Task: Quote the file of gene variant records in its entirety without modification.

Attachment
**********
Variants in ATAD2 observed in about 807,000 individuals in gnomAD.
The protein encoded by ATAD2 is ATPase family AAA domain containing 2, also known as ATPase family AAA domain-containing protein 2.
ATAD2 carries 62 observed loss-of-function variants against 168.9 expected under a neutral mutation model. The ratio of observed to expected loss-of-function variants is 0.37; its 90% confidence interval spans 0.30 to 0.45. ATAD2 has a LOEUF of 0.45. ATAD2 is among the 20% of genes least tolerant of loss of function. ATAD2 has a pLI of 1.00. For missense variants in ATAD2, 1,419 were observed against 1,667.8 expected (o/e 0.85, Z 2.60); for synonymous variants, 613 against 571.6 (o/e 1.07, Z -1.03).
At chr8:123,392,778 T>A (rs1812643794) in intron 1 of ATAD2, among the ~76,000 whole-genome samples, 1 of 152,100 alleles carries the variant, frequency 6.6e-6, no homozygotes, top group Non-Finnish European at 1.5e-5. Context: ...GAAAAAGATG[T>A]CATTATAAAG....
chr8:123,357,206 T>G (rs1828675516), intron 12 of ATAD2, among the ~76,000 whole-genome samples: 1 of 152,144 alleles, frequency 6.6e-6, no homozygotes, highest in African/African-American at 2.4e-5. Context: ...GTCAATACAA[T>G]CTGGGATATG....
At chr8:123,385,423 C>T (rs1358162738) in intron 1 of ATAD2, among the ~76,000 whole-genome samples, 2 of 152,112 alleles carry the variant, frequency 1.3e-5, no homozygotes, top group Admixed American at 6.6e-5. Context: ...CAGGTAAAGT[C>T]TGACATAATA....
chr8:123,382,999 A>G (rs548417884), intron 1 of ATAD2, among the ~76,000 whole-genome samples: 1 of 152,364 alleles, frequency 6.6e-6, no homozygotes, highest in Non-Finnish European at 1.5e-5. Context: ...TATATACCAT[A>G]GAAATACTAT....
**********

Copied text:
Variants in ATAD2 observed in about 807,000 individuals in gnomAD.
The protein encoded by ATAD2 is ATPase family AAA domain containing 2, also known as ATPase family AAA domain-containing protein 2.
ATAD2 carries 62 observed loss-of-function variants against 168.9 expected under a neutral mutation model. The ratio of observed to expected loss-of-function variants is 0.37; its 90% confidence interval spans 0.30 to 0.45. ATAD2 has a LOEUF of 0.45. ATAD2 is among the 20% of genes least tolerant of loss of function. ATAD2 has a pLI of 1.00. For missense variants in ATAD2, 1,419 were observed against 1,667.8 expected (o/e 0.85, Z 2.60); for synonymous variants, 613 against 571.6 (o/e 1.07, Z -1.03).
At chr8:123,392,778 T>A (rs1812643794) in intron 1 of ATAD2, among the ~76,000 whole-genome samples, 1 of 152,100 alleles carries the variant, frequency 6.6e-6, no homozygotes, top group Non-Finnish European at 1.5e-5. Context: ...GAAAAAGATG[T>A]CATTATAAAG....
chr8:123,357,206 T>G (rs1828675516), intron 12 of ATAD2, among the ~76,000 whole-genome samples: 1 of 152,144 alleles, frequency 6.6e-6, no homozygotes, highest in African/African-American at 2.4e-5. Context: ...GTCAATACAA[T>G]CTGGGATATG....
At chr8:123,385,423 C>T (rs1358162738) in intron 1 of ATAD2, among the ~76,000 whole-genome samples, 2 of 152,112 alleles carry the variant, frequency 1.3e-5, no homozygotes, top group Admixed American at 6.6e-5. Context: ...CAGGTAAAGT[C>T]TGACATAATA....
chr8:123,382,999 A>G (rs548417884), intron 1 of ATAD2, among the ~76,000 whole-genome samples: 1 of 152,364 alleles, frequency 6.6e-6, no homozygotes, highest in Non-Finnish European at 1.5e-5. Context: ...TATATACCAT[A>G]GAAATACTAT....